DoomedA few years ago I reviewed this one man project’s second album of starkly despairing doom-death metal. Pierre Laube from Germany is the creative force behind Doomed, overseeing all aspects of artistic direction. Multi-instrumentalist, writer, layout designer and cover creator the man certainly is a talented individual. The art work adorning has the theme of a sickly dirty green backdrop with various silhouetted characters scrambling upon a tormented likewise silhouetted head. The type face used on the titles is difficult to read in places and all that coupled to his unique ability to write doom-death monsters means you have to take everything into consideration and not just the music.

With seven tunes clocking over 50 minutes, this is a sprawling and arduous sonic journey that will melt your mind and devour your soul, if you let it. A distorted monastic chant starts the opening track of “When Hope Disappear” before a deep growl and punishing riff soaks into your head. Pace is slow as expected, with haunting and drifting melodies creating a Katatonia like style I suggested in my review of the previous album. The glaring melodies are often superseded by monochromatic deathly dirges of violence. That violence is slow, tortured and painful as “In My Own Abyss” (also the title of the last album) with its snare drum marching style and some really beastly vocals. The song slithers along, grimily and toxically infecting every inch of your head.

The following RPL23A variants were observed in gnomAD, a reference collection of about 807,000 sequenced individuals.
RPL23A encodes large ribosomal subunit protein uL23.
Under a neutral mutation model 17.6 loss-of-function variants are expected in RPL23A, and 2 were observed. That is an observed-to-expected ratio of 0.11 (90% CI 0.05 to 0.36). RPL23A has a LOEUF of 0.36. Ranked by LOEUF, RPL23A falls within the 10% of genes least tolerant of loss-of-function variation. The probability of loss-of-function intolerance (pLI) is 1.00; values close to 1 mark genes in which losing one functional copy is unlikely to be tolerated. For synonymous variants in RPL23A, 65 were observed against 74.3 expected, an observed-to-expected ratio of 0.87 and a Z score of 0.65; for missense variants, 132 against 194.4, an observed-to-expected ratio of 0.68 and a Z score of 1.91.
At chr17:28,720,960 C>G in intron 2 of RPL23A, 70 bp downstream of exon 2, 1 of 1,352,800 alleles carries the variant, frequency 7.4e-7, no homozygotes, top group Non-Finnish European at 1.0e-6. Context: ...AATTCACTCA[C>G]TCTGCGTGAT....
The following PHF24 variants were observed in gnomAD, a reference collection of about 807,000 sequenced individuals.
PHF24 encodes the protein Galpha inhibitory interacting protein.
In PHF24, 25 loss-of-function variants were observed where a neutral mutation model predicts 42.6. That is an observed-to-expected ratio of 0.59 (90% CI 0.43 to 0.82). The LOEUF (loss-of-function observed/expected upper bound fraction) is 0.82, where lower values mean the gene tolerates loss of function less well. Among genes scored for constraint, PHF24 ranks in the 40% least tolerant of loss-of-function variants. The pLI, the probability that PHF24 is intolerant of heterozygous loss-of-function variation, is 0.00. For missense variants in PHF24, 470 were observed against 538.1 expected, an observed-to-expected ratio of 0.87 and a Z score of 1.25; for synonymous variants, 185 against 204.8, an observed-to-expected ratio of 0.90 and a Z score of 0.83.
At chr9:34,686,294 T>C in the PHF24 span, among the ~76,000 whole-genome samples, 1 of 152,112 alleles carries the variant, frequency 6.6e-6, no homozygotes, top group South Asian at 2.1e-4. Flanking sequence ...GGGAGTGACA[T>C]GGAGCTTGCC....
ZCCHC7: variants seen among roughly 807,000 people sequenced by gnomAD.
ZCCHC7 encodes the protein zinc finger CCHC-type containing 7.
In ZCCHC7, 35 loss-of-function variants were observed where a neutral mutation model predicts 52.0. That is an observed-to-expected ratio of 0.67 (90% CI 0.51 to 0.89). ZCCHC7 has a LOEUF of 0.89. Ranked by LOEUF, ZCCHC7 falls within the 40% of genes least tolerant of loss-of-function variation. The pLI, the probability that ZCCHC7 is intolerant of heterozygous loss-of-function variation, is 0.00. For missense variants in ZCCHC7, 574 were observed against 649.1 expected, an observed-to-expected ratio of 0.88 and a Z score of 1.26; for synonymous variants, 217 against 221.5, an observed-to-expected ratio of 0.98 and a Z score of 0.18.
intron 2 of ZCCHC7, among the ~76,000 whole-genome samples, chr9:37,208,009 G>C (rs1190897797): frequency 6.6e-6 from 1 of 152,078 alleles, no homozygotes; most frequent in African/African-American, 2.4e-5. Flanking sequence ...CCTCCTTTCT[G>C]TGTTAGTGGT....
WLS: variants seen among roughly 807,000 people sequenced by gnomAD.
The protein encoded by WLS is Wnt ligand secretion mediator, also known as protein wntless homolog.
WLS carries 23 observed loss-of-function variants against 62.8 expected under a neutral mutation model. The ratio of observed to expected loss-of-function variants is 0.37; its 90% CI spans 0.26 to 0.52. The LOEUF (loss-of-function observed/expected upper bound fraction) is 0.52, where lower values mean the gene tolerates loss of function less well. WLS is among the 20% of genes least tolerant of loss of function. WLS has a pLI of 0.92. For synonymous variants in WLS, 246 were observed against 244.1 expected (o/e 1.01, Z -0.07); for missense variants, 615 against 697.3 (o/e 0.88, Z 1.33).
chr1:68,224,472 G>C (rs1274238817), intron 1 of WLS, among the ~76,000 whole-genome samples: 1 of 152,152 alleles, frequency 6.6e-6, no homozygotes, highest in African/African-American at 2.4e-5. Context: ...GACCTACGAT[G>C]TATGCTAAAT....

“The Last Meal” starts slow but is jolted by a sudden blast that disappears as quick as it arrived. The structure is strange, schizoid, and manic, the tune is laboured in parts but then contrasts with the behemothic doom sludge style. Is it possible to enjoy albums like this or does one endure them as some form of cathartic release, certainly the album isn’t for a jolly night with your mates, more appropriate to wallow in self pity, where deranged melodies traumatise the listener with the sauntering pace and deviant harmonies. This album seems darker, more sinister and mournful than the previous release, a sign of the mood at the time of writing, “Our Ruin Silhouettes” is a driving dirge, with soulful aggression married to despondent threnodies.

(8/10 Martin Harris)